7. ^ Guidetti P, Amori L, Sapko MT, Okuno E, Schwarcz R (Jul 2007). "Mitochondrial aspartate aminotransferase: a third kynurenate-producing enzyme in the mammalian brain". Journal of Neurochemistry. 102 (1): 103–11. doi:10.1111/j.1471-4159.2007.04556.x. PMID 17442055. 

Further reading[edit]

  • Doonan S, Barra D, Bossa F (1985). "Structural and genetic relationships between cytosolic and mitochondrial isoenzymes". The International Journal of Biochemistry. 16 (12): 1193–9. doi:10.1016/0020-711X(84)90216-7. PMID 6397370. 
  • Furuya E, Yoshida Y, Tagawa K (May 1979). "Interaction of mitochondrial aspartate aminotransferase with negatively charged lecithin liposomes". Journal of Biochemistry. 85 (5): 1157–63. PMID 376500. 
  • Craig IW, Tolley E, Bobrow M, van Heyningen V (1979). "Assignment of a gene necessary for the expression of mitochondrial glutamic-oxaloacetic transaminase in human-mouse hybrid cells". Cytogenetics and Cell Genetics. 22 (1-6): 190–4. doi:10.1159/000130933. PMID 752471. 
  • Pol S, Bousquet-Lemercier B, Pavé-Preux M, Bulle F, Passage E, Hanoune J, Mattei MG, Barouki R (Sep 1989). "Chromosomal localization of human aspartate aminotransferase genes by in situ hybridization". Human Genetics. 83 (2): 159–64. doi:10.1007/BF00286710. PMID 2777255. 
  • Fahien LA, Kmiotek EH, MacDonald MJ, Fibich B, Mandic M (Aug 1988). "Regulation of malate dehydrogenase activity by glutamate, citrate, alpha-ketoglutarate, and multienzyme interaction". The Journal of Biological Chemistry. 263 (22): 10687–97. PMID 2899080. 
  • Pol S, Bousquet-Lemercier B, Pave-Preux M, Pawlak A, Nalpas B, Berthelot P, Hanoune J, Barouki R (Dec 1988). "Nucleotide sequence and tissue distribution of the human mitochondrial aspartate aminotransferase mRNA". Biochemical and Biophysical Research Communications. 157 (3): 1309–15. doi:10.1016/S0006-291X(88)81017-9. PMID 3207426.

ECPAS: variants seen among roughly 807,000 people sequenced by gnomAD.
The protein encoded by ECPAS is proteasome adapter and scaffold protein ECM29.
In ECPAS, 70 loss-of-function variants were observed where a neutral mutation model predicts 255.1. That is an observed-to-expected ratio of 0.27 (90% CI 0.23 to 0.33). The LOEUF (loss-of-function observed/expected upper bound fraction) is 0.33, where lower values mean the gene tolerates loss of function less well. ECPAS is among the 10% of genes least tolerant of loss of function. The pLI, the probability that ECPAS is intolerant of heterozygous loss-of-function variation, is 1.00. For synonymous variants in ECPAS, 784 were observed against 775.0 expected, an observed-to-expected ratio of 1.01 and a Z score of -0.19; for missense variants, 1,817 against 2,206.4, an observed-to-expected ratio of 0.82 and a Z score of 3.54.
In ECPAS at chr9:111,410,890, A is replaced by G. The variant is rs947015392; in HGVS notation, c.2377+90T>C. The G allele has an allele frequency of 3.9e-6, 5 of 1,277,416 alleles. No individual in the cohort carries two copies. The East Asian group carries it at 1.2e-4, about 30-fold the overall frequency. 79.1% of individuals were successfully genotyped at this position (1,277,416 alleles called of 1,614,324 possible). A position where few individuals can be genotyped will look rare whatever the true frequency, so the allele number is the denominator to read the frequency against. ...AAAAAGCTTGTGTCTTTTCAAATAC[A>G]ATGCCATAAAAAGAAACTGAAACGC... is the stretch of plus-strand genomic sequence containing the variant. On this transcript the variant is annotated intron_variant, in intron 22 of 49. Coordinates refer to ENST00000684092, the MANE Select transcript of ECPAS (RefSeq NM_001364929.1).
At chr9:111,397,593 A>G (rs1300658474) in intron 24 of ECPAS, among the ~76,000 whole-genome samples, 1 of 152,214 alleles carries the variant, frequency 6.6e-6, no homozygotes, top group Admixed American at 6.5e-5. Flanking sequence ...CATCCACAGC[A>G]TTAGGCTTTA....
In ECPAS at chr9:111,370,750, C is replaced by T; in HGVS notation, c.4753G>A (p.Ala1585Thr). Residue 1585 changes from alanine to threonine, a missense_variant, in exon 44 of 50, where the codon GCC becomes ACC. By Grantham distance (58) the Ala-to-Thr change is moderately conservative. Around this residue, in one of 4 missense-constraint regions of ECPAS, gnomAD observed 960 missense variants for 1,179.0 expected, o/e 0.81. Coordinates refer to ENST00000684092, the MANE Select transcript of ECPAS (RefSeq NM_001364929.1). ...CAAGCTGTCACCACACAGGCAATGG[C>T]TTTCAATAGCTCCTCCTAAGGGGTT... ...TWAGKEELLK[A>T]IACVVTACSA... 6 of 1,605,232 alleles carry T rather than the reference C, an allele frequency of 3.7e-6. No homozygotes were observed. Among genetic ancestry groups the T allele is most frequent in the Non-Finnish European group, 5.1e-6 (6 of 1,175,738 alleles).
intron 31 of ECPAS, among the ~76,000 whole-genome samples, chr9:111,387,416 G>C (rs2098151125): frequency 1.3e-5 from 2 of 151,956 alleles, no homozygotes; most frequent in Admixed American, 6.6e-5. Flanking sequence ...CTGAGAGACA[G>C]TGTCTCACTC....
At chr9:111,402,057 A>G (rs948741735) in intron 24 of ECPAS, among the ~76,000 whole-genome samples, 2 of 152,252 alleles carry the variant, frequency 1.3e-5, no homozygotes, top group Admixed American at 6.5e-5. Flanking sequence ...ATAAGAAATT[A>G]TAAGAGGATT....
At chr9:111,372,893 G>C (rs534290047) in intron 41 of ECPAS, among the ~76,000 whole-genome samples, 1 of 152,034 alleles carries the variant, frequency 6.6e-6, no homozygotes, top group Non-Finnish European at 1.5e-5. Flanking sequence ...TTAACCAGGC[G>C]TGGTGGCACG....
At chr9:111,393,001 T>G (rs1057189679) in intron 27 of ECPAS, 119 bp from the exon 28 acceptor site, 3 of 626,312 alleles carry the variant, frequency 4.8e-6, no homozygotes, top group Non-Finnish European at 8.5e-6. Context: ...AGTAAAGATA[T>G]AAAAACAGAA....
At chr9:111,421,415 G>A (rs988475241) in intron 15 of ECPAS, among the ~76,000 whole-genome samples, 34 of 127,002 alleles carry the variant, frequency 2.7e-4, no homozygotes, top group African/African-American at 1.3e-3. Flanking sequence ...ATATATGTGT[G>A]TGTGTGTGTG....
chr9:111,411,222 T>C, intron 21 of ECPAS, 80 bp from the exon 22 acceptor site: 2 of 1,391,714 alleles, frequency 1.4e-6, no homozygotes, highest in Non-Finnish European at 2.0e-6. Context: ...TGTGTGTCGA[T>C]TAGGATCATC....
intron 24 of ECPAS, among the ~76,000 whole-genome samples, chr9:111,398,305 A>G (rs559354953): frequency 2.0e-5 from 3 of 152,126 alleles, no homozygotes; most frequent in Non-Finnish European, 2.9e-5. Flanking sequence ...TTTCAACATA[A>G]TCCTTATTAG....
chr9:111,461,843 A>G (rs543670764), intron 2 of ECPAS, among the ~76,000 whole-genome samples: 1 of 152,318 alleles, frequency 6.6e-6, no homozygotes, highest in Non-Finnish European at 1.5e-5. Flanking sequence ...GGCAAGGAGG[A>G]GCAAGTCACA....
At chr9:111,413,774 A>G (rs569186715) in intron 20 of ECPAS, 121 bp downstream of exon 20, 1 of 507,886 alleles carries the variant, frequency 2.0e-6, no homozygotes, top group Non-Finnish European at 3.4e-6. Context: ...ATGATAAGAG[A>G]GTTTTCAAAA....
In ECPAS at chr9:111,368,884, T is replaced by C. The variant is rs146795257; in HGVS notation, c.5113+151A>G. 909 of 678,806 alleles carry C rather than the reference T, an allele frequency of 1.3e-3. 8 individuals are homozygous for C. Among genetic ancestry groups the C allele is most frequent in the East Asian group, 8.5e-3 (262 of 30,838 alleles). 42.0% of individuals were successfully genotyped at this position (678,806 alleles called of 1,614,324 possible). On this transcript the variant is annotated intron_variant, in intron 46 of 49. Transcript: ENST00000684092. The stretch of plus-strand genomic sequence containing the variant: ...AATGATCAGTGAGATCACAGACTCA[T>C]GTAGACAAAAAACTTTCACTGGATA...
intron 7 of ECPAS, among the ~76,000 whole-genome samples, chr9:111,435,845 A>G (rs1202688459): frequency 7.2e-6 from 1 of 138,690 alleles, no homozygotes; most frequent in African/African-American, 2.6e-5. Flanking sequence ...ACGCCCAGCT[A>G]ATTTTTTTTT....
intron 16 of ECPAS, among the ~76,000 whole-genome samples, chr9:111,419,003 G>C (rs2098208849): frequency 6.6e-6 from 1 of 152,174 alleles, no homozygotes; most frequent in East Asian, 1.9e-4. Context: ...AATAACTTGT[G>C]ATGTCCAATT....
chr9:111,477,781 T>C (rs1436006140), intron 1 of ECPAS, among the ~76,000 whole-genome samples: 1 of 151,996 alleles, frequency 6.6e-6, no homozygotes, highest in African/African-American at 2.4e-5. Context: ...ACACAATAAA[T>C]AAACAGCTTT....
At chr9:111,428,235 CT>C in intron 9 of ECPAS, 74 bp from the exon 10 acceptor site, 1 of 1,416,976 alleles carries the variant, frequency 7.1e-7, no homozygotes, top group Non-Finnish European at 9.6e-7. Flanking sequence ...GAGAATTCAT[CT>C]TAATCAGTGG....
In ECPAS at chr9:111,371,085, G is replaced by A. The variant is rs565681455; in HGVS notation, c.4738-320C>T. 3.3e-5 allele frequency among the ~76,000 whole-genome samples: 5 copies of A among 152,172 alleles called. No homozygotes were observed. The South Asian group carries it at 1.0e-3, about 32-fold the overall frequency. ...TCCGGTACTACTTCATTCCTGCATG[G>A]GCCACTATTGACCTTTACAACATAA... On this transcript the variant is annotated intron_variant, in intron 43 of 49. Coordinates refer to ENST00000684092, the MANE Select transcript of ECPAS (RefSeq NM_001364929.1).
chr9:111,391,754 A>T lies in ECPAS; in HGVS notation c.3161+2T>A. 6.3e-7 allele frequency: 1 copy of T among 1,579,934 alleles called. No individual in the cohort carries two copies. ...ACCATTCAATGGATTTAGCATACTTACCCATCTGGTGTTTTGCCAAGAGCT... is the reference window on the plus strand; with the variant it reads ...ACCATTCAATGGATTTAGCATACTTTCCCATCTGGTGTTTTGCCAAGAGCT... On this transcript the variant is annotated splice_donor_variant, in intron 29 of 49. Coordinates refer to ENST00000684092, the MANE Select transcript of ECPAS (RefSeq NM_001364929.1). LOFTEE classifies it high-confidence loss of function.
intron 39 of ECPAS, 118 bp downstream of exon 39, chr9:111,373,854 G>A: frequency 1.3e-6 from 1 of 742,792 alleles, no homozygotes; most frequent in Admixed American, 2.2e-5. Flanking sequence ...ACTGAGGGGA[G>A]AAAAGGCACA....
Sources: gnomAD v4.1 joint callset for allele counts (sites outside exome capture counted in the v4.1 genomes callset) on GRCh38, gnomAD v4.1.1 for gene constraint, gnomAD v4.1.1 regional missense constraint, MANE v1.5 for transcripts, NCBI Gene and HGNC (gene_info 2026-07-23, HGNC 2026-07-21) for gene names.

• Fahien LA, Kmiotek EH, Woldegiorgis G, Evenson M, Shrago E, Marshall M (May 1985). "Regulation of aminotransferase-glutamate dehydrogenase interactions by carbamyl phosphate synthase-I, Mg2+ plus leucine versus citrate and malate". The Journal of Biological Chemistry. 260 (10): 6069–79. PMID 3997814. 
  • Martini F, Angelaccio S, Barra D, Pascarella S, Maras B, Doonan S, Bossa F (Nov 1985). "The primary structure of mitochondrial aspartate aminotransferase from human heart". Biochimica et Biophysica Acta. 832 (1): 46–51. doi:10.1016/0167-4838(85)90172-4. PMID 4052435. 
  • Davidson RG, Cortner JA, Rattazzi MC, Ruddle FH, Lubs HA (Jul 1970). "Genetic polymorphisms of human mitochondrial glutamic oxaloacetic transaminase". Science. 169 (3943): 391–2. doi:10.1126/science.169.3943.391. PMID 5450376. 
  • Ford GC, Eichele G, Jansonius JN (May 1980). "Three-dimensional structure of a pyridoxal-phosphate-dependent enzyme, mitochondrial aspartate aminotransferase". Proceedings of the National Academy of Sciences of the United States of America. 77 (5): 2559–63. doi:10.1073/pnas.77.5.2559. PMC 349441Freely accessible. PMID 6930651. 
  • Jeremiah SJ, Povey S, Burley MW, Kielty C, Lee M, Spowart G, Corney G, Cook PJ (May 1982). "Mapping studies on human mitochondrial glutamate oxaloacetate transaminase". Annals of Human Genetics. 46 (Pt 2): 145–52. doi:10.1111/j.1469-1809.1982.tb00705.x. PMID 7114792. 
  • Tolley E, van Heyningen V, Brown R, Bobrow M, Craig IW (Oct 1980). "Assignment to chromosome 16 of a gene necessary for the expression of human mitochondrial glutamate oxaloacetate transaminase (aspartate aminotransferase) (E.C. 2.6.1.1.)". Biochemical Genetics. 18 (9-10): 947–54. doi:10.1007/BF00500127. PMID 7225087. 
  • Lain B, Iriarte A, Mattingly JR, Moreno JI, Martinez-Carrion M (Oct 1995). "Structural features of the precursor to mitochondrial aspartate aminotransferase responsible for binding to hsp70". The Journal of Biological Chemistry. 270 (42): 24732–9. doi:10.1074/jbc.270.42.24732. PMID 7559589. 
  • Maruyama K, Sugano S (Jan 1994). "Oligo-capping: a simple method to replace the cap structure of eukaryotic mRNAs with oligoribonucleotides". Gene. 138 (1-2): 171–4. doi:10.1016/0378-1119(94)90802-8. PMID 8125298. 
  • Suzuki Y, Yoshitomo-Nakagawa K, Maruyama K, Suyama A, Sugano S (Oct 1997). "Construction and characterization of a full length-enriched and a 5'-end-enriched cDNA library". Gene. 200 (1-2): 149–56. doi:10.1016/S0378-1119(97)00411-3. PMID 9373149.